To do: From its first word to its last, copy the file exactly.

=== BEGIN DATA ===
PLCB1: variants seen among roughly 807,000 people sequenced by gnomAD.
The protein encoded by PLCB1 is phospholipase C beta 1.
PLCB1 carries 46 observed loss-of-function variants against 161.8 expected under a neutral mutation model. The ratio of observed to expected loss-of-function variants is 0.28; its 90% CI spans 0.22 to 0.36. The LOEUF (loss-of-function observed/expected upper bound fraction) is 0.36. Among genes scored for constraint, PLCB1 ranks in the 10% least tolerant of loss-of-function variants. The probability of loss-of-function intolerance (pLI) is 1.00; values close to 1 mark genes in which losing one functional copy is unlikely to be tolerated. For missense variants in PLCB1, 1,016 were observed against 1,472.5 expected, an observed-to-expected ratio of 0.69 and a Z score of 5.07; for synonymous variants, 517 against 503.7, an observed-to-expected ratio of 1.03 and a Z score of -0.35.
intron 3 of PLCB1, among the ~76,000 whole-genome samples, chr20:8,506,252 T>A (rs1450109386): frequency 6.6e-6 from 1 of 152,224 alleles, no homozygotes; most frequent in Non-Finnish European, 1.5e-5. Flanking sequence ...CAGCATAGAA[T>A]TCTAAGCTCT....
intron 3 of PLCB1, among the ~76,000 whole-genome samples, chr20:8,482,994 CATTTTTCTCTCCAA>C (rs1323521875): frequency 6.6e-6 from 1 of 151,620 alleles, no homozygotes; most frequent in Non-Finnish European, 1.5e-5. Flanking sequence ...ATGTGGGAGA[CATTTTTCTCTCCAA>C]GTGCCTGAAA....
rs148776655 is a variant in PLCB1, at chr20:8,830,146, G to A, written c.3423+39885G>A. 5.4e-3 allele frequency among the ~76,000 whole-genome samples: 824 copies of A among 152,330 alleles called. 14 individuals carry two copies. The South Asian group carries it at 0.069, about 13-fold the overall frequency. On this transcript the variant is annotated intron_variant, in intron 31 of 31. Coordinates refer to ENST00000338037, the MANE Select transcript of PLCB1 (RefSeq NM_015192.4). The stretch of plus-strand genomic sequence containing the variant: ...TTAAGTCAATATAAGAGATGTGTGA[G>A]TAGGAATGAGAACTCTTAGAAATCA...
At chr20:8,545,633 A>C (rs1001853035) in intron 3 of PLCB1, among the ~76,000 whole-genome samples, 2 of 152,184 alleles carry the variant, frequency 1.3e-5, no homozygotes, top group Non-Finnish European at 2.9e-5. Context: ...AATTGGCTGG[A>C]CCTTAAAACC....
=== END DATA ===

PLCB1: variants seen among roughly 807,000 people sequenced by gnomAD.
The protein encoded by PLCB1 is phospholipase C beta 1.
PLCB1 carries 46 observed loss-of-function variants against 161.8 expected under a neutral mutation model. The ratio of observed to expected loss-of-function variants is 0.28; its 90% CI spans 0.22 to 0.36. The LOEUF (loss-of-function observed/expected upper bound fraction) is 0.36. Among genes scored for constraint, PLCB1 ranks in the 10% least tolerant of loss-of-function variants. The probability of loss-of-function intolerance (pLI) is 1.00; values close to 1 mark genes in which losing one functional copy is unlikely to be tolerated. For missense variants in PLCB1, 1,016 were observed against 1,472.5 expected, an observed-to-expected ratio of 0.69 and a Z score of 5.07; for synonymous variants, 517 against 503.7, an observed-to-expected ratio of 1.03 and a Z score of -0.35.
intron 3 of PLCB1, among the ~76,000 whole-genome samples, chr20:8,506,252 T>A (rs1450109386): frequency 6.6e-6 from 1 of 152,224 alleles, no homozygotes; most frequent in Non-Finnish European, 1.5e-5. Flanking sequence ...CAGCATAGAA[T>A]TCTAAGCTCT....
intron 3 of PLCB1, among the ~76,000 whole-genome samples, chr20:8,482,994 CATTTTTCTCTCCAA>C (rs1323521875): frequency 6.6e-6 from 1 of 151,620 alleles, no homozygotes; most frequent in Non-Finnish European, 1.5e-5. Flanking sequence ...ATGTGGGAGA[CATTTTTCTCTCCAA>C]GTGCCTGAAA....
rs148776655 is a variant in PLCB1, at chr20:8,830,146, G to A, written c.3423+39885G>A. 5.4e-3 allele frequency among the ~76,000 whole-genome samples: 824 copies of A among 152,330 alleles called. 14 individuals carry two copies. The South Asian group carries it at 0.069, about 13-fold the overall frequency. On this transcript the variant is annotated intron_variant, in intron 31 of 31. Coordinates refer to ENST00000338037, the MANE Select transcript of PLCB1 (RefSeq NM_015192.4). The stretch of plus-strand genomic sequence containing the variant: ...TTAAGTCAATATAAGAGATGTGTGA[G>A]TAGGAATGAGAACTCTTAGAAATCA...
At chr20:8,545,633 A>C (rs1001853035) in intron 3 of PLCB1, among the ~76,000 whole-genome samples, 2 of 152,184 alleles carry the variant, frequency 1.3e-5, no homozygotes, top group Non-Finnish European at 2.9e-5. Context: ...AATTGGCTGG[A>C]CCTTAAAACC....